The January job numbers were released today and weren't very encouraging.I have cleaned up the first part of the AP story in case you'd like to read it without the opinions and overwrought verbs of the reporter. Words in bold are mine:
Recession-battered employers eliminated 598,000 jobs in January, the
most since the end of 1974, and catapulted increasing the unemployment rate to 7.6
percent. The grim figures were further proof that the nation's job
climate is deteriorating at an alarming clip with no end in sight.
Labor Department's report, released Friday, showed the terrible toll
the drawn-out recession is having on workers and companies. It also
puts even more pressure on Congress and President Barack Obama's
administration to try to revive the economy through a stimulus package and a
revamped financial bailout plan, both of which are may be nearing completion.
latest net total of job losses was far worse than the 524,000 that
economists expected. Job reductions in November and December also were
deeper than previously reported.
With cost-cutting employers in
no mood to hire, the unemployment rate bolted increased to 7.6 percent in
January, the highest since September 1992. The increase in the jobless
rate from 7.2 percent in December also was worse than the 7.5 percent
rate economists expected though the tenth of a percentage point difference could be treated as negligible.
All told, the economy has lost a
staggering 3.6 million jobs since the recession began in December 2007.
About half of this decline occurred in the past three months.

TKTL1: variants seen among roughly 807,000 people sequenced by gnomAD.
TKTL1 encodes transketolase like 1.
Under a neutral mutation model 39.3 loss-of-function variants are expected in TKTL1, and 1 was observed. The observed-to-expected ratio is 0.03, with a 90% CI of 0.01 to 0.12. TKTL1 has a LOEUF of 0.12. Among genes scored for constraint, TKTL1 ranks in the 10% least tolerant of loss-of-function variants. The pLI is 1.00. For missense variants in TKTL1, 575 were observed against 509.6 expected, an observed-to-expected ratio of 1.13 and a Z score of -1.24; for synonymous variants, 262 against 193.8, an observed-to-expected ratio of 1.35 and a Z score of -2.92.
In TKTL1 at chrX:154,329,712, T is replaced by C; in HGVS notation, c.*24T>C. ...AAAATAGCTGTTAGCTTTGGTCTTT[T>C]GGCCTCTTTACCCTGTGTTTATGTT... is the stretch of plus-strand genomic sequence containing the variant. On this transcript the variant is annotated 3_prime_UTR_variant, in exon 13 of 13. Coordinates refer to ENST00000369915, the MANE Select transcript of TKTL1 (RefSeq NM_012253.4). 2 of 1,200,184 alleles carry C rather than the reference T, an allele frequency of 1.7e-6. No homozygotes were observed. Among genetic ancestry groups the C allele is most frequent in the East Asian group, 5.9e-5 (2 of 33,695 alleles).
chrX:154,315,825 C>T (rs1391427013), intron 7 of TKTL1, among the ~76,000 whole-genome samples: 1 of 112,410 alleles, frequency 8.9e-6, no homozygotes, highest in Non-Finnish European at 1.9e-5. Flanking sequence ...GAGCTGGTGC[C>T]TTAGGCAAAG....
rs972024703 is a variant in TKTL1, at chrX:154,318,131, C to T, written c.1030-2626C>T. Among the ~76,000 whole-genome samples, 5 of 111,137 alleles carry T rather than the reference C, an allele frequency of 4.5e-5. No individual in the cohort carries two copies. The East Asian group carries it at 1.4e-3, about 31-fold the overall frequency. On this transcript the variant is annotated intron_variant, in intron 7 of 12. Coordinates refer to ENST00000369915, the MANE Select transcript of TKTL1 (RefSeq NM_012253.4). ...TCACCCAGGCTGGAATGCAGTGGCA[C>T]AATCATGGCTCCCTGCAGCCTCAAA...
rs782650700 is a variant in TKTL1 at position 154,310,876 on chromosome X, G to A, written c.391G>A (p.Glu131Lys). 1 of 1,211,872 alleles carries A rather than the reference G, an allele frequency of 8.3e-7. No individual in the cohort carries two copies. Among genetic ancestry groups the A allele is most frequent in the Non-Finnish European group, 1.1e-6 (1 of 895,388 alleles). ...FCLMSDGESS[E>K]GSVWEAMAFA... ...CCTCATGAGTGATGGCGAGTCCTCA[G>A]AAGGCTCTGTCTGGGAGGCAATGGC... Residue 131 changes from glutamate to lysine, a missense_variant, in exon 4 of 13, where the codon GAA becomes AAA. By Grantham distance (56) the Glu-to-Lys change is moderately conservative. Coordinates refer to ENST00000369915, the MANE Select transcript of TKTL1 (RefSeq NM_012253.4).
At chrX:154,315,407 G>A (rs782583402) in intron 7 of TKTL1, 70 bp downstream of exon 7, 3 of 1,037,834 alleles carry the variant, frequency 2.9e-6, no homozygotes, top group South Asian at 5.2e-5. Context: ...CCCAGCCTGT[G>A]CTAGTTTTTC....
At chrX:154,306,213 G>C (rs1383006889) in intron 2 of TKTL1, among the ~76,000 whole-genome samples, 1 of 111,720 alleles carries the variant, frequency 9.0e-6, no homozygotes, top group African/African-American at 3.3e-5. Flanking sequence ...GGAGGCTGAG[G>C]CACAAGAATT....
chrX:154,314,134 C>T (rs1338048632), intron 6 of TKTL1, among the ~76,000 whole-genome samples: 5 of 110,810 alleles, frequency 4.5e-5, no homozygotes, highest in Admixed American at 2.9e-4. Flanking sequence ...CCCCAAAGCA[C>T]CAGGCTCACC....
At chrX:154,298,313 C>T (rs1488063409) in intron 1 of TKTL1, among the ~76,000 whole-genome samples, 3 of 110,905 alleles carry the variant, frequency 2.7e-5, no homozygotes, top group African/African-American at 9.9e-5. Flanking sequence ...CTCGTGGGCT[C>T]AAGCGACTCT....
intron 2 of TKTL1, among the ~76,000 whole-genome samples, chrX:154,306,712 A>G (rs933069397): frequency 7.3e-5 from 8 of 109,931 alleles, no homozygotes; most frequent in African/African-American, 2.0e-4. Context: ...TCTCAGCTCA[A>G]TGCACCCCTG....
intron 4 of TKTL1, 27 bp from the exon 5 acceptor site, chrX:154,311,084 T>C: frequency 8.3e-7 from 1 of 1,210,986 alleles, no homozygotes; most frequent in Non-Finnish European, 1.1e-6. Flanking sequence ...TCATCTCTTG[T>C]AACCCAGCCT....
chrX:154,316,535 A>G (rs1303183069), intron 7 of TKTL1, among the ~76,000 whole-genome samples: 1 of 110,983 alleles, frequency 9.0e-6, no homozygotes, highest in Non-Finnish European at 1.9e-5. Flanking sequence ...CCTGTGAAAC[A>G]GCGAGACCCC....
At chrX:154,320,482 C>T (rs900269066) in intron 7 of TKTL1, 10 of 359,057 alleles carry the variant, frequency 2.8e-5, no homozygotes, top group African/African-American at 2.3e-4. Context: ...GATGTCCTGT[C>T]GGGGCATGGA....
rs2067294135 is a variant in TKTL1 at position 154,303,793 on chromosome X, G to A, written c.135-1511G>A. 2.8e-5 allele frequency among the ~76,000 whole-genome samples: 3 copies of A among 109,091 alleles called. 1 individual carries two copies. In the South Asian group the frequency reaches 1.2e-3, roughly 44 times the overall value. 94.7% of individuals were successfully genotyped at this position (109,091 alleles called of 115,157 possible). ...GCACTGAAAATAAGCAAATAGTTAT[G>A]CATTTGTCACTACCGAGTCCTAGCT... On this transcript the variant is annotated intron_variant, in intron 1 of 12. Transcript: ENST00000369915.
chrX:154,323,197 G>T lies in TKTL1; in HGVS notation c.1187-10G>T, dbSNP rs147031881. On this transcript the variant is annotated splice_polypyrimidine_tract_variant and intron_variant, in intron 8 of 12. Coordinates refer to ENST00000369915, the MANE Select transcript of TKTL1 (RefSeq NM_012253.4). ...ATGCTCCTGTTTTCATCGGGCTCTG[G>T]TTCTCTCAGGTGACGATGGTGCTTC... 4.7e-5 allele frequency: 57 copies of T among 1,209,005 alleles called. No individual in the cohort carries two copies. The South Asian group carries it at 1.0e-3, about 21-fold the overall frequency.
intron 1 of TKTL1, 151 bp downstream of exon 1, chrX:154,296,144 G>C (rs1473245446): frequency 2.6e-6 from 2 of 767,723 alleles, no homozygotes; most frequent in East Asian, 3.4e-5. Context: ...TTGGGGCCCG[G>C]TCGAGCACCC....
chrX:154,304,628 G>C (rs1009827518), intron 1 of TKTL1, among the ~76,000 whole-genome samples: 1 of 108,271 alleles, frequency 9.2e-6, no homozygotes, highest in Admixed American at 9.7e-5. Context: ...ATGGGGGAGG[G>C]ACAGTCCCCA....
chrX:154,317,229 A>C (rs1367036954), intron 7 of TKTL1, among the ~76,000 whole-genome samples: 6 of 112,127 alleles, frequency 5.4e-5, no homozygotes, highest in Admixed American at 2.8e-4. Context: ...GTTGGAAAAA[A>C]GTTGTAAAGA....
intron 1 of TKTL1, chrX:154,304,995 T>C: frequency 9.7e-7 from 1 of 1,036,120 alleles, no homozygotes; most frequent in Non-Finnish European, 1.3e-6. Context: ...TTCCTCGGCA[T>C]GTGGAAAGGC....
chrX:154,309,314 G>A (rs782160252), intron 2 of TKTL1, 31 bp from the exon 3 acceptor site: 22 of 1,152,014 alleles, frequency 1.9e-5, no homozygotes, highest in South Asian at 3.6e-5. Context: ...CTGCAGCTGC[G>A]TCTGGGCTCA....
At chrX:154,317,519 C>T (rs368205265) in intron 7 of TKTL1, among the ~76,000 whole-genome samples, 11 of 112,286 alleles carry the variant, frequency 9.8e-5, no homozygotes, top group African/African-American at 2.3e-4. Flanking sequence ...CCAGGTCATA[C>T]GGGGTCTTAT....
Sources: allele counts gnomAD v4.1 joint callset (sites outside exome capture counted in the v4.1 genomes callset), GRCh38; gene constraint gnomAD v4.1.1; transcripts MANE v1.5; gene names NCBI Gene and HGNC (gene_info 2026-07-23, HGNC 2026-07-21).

are in survival mode and are really cutting to the bone," said
economist Ken Mayland, president of ClearView Economics. "They are
cutting and cutting hard now out of fear of an uncertain future."
slashed cut 207,000 jobs in January, the largest one-month drop since
October 1982, partly reflecting heavy losses at plants making autos and
related parts. Construction companies got rid of 111,000 jobs.
Professional and business services chopped 121,000 positions. Retailers
eliminated 45,000 jobs. Leisure and hospitality axed 28,000 slots.
Those reductions swamped employment gains in education and health services, as well as in the government but I won't bother telling you the size of these increases.
To repeat what was said a few paragraphs earlier in a trivially different way: Just
in the 12 months ending January, an astonishing 3.5 million jobs have
vanished, the most on record going back to 1939, although the total
number of jobs has grown significantly since then which is just a confusing way of saying that as a percentage of the work force, it's nothing close to 1939.